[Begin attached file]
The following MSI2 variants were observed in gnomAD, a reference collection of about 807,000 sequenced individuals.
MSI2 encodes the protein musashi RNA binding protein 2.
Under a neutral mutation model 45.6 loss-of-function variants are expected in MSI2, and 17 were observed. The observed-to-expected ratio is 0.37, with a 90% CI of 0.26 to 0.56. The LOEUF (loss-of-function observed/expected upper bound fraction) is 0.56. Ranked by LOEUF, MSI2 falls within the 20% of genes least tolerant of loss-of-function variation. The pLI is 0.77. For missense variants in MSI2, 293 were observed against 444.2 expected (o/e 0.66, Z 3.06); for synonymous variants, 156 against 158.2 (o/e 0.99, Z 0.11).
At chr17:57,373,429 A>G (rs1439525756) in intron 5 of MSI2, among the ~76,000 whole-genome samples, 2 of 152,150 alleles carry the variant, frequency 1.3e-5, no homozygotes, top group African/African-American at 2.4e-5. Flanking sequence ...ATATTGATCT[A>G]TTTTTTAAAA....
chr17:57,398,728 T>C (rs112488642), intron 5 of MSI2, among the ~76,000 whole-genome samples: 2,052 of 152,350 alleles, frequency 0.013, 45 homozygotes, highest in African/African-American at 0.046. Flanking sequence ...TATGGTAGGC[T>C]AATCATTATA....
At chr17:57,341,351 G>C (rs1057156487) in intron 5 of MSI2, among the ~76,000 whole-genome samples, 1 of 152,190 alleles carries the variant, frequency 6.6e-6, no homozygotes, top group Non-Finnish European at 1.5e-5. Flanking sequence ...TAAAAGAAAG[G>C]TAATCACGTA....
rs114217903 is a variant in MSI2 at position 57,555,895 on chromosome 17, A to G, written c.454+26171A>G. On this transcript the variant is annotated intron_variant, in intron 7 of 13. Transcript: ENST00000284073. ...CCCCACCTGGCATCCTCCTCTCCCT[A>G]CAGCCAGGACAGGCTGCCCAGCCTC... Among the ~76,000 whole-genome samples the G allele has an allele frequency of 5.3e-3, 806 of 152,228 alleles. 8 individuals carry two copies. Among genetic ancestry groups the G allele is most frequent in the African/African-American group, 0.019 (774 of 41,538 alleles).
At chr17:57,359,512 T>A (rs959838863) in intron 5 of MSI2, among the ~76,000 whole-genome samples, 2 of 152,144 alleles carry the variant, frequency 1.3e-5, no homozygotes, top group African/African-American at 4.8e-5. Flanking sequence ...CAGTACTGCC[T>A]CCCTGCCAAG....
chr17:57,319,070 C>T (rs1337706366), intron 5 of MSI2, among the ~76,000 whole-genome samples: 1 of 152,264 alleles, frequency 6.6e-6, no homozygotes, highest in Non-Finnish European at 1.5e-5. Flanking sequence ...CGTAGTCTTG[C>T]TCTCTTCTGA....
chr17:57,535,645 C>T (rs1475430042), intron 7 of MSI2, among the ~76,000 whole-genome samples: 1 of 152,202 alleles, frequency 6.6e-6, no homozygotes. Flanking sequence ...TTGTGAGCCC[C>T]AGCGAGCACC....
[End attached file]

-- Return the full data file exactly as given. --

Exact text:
The following MSI2 variants were observed in gnomAD, a reference collection of about 807,000 sequenced individuals.
MSI2 encodes the protein musashi RNA binding protein 2.
Under a neutral mutation model 45.6 loss-of-function variants are expected in MSI2, and 17 were observed. The observed-to-expected ratio is 0.37, with a 90% CI of 0.26 to 0.56. The LOEUF (loss-of-function observed/expected upper bound fraction) is 0.56. Ranked by LOEUF, MSI2 falls within the 20% of genes least tolerant of loss-of-function variation. The pLI is 0.77. For missense variants in MSI2, 293 were observed against 444.2 expected (o/e 0.66, Z 3.06); for synonymous variants, 156 against 158.2 (o/e 0.99, Z 0.11).
At chr17:57,373,429 A>G (rs1439525756) in intron 5 of MSI2, among the ~76,000 whole-genome samples, 2 of 152,150 alleles carry the variant, frequency 1.3e-5, no homozygotes, top group African/African-American at 2.4e-5. Flanking sequence ...ATATTGATCT[A>G]TTTTTTAAAA....
chr17:57,398,728 T>C (rs112488642), intron 5 of MSI2, among the ~76,000 whole-genome samples: 2,052 of 152,350 alleles, frequency 0.013, 45 homozygotes, highest in African/African-American at 0.046. Flanking sequence ...TATGGTAGGC[T>C]AATCATTATA....
At chr17:57,341,351 G>C (rs1057156487) in intron 5 of MSI2, among the ~76,000 whole-genome samples, 1 of 152,190 alleles carries the variant, frequency 6.6e-6, no homozygotes, top group Non-Finnish European at 1.5e-5. Flanking sequence ...TAAAAGAAAG[G>C]TAATCACGTA....
rs114217903 is a variant in MSI2 at position 57,555,895 on chromosome 17, A to G, written c.454+26171A>G. On this transcript the variant is annotated intron_variant, in intron 7 of 13. Transcript: ENST00000284073. ...CCCCACCTGGCATCCTCCTCTCCCT[A>G]CAGCCAGGACAGGCTGCCCAGCCTC... Among the ~76,000 whole-genome samples the G allele has an allele frequency of 5.3e-3, 806 of 152,228 alleles. 8 individuals carry two copies. Among genetic ancestry groups the G allele is most frequent in the African/African-American group, 0.019 (774 of 41,538 alleles).
At chr17:57,359,512 T>A (rs959838863) in intron 5 of MSI2, among the ~76,000 whole-genome samples, 2 of 152,144 alleles carry the variant, frequency 1.3e-5, no homozygotes, top group African/African-American at 4.8e-5. Flanking sequence ...CAGTACTGCC[T>A]CCCTGCCAAG....
chr17:57,319,070 C>T (rs1337706366), intron 5 of MSI2, among the ~76,000 whole-genome samples: 1 of 152,264 alleles, frequency 6.6e-6, no homozygotes, highest in Non-Finnish European at 1.5e-5. Flanking sequence ...CGTAGTCTTG[C>T]TCTCTTCTGA....
chr17:57,535,645 C>T (rs1475430042), intron 7 of MSI2, among the ~76,000 whole-genome samples: 1 of 152,202 alleles, frequency 6.6e-6, no homozygotes. Flanking sequence ...TTGTGAGCCC[C>T]AGCGAGCACC....